Now, more on the mechanical bind or motor problem conditions: A bind or motor problem will usually show up as an abnormally high ammeter reading, but not full deflection of the meter as a short would produce. In HO Scale, a normal reading for an open frame motor is between .3 and .7 amperes, and for a can motor, .1 to .2 amperes. About half these for N scale and about twice these for O scale. A reading above this (except perhaps briefly at start-up) indicates that more than normal current flow is being required to produce motor and hence locomotive movement. This is tougher to detect without an ammeter. It takes a 'feel' of what throttle position on your power pack usually will get a locomotive moving and how much throttle increase is required to attain a certain speed (Note, here, that there are various factors that can affect these, such as train length, grade, constant lighting, etc.). This area is not strictly a 'Does not run' condition; it is more of a 'poor operation' condition.
In any event, by this point you have hopefully determined what type of 'Does not run' situation you have; Open, Short or Bind/Motor Problem. So, here are some common causes for each, along with suggested cures:
CAUSES And CURES
* Dirty or oxidized wheels - Clean Wheels.
* Tender truck bolster pads dirty, oxidized or painted - Clean/polish pads.
* Tender drawbar pin dirty and/or oxidized - Clean/polish pin.
* Drawbar contact wire missing - Replace.
* Drawbar holes and/or contact wire dirty, oxidized or painted - Clean/polish.
* Drawbar screw loose under cab - Tighten
* Wire from drawbar screw to motor disconnected - Re-attach and/or Re-solder.
* Poor motor ground to loco chassis or disconnected wire from motor to chassis - Reconnect wire, tighten motor mount screws or reconnect wire .
* Poor wire to motor connections - Re-solder.
* Dirty or oxidized brushes or commutator - Clean.
* Dirty, oxidized or misadjusted pickup wipers on loco drivers (if so equipped) - Clean or adjust for proper contact.
* One tender truck reversed - Correct installation (un-insulated wheels normally on left side).
* Tender wheels (right) hit frame - Adjust or provide additional clearance.
* Tender wheel insulation failure - Replace wheel set.
* Brass or metal brake shoe assembly touches - Adjust or replace with plastic left side driver rims hangers and shoes.
* Failure of driver rim insulation - Repair or replace insulation.
* Wires inside boiler shorting.
* Lighting wires shorting - Find bare wires and insulate and/or replace.
* Motor wiring tabs touch firebox - Insulate or move motor forward.
* Truck sideframe touching insulated wheel rim or rail - Adjust sideframe or shim wheel end with insulated washer.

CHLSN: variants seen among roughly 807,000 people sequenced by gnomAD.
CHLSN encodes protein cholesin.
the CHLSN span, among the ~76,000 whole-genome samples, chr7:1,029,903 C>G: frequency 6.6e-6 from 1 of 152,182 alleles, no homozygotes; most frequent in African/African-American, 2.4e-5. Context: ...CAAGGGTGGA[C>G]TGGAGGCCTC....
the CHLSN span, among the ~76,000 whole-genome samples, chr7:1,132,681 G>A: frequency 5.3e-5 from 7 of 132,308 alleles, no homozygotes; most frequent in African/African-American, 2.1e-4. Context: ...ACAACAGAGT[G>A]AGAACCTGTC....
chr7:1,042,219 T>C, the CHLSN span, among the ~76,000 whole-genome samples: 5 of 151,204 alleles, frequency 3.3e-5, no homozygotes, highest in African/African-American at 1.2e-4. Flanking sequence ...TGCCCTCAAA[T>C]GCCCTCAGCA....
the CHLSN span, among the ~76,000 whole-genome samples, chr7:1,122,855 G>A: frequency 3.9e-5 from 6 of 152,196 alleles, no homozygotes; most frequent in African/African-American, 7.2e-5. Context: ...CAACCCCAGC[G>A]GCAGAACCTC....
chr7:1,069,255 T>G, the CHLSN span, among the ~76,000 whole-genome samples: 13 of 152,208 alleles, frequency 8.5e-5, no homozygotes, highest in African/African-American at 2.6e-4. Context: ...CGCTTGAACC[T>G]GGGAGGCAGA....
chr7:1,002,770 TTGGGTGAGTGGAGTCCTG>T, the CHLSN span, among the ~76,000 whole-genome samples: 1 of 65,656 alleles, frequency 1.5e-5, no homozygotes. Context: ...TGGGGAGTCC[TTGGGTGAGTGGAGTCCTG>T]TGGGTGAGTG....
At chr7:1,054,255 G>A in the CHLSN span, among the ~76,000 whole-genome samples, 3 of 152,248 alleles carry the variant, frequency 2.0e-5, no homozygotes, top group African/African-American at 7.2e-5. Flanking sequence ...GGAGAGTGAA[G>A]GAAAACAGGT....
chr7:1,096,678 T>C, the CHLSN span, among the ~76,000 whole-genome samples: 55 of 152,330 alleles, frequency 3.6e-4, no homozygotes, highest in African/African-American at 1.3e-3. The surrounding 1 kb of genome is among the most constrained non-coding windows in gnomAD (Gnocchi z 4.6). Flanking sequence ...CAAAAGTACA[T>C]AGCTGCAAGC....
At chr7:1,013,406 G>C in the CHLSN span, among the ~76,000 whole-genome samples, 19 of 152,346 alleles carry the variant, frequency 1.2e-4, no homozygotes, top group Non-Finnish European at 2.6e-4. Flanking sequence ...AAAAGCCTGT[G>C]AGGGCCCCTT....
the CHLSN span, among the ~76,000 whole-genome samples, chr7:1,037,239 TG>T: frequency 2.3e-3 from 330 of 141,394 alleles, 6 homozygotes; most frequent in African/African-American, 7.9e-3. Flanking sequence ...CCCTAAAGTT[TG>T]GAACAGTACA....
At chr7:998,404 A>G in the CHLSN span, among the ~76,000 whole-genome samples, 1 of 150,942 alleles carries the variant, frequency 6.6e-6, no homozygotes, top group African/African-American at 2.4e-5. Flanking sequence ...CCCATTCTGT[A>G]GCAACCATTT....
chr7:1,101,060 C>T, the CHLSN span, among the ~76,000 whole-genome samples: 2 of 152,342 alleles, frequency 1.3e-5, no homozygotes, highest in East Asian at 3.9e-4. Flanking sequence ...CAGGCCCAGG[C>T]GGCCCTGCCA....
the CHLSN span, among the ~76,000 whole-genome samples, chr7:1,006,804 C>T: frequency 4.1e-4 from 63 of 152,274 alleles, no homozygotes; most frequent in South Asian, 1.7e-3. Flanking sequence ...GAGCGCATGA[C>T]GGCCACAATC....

* Droopy details touching rail (e.g., air hoses, MU hoses) - Adjust detail (bend it up already!).
CAUSES and CURES
* Side rod or main rod hitting crosshead guide or other detail - Adjust crosshead or detail.
* Gear teeth engagement too tight or too loose - Adjust engagement.
* Flywheel binding on body part - Center flywheel on chassis and center chassis in body.
* Motor commutator/brushes dirty - Clean/polish.
* Motor 'locked' - Lubricate bearing and commutator with LaBelle 101 or Conducta-Lube and work rotation a bit at a time until free.
* Hardened lubricant on axles or in gearbox - Remove completely and re-lubricate.
You will have noticed that the listed 'CURES' often incorporate the recommendations to clean or lubricate. In actuality, there are quite a variety of useful methodologies and products to effect these. In fact, there is enough meat in this subject to probably warrant a separate and future bulletin. Suffice it to say, at this point, that there are a number of effective cleaning agents, applicable to the hobby, available at your favorite model railroad shop or hardware store. Always keep in mind, though, that most of these are CHEMICALS, and as such, should be used with appropriate cautions. Always read the information on labels, especially the warning and safety sections.
One aspect of cleaning is worth mentioning here and now. This is: DO NOT EVER USE STEEL WOOL of any form to clean model railroad equipment. The use of steel wool breaks off steel fibers into nice small bits, which tend to stick nicely to anything, especially motor magnets and lubricated areas. This residue is nasty to remove from mechanisms, so keep steel wool under the sink and out of the railroad room!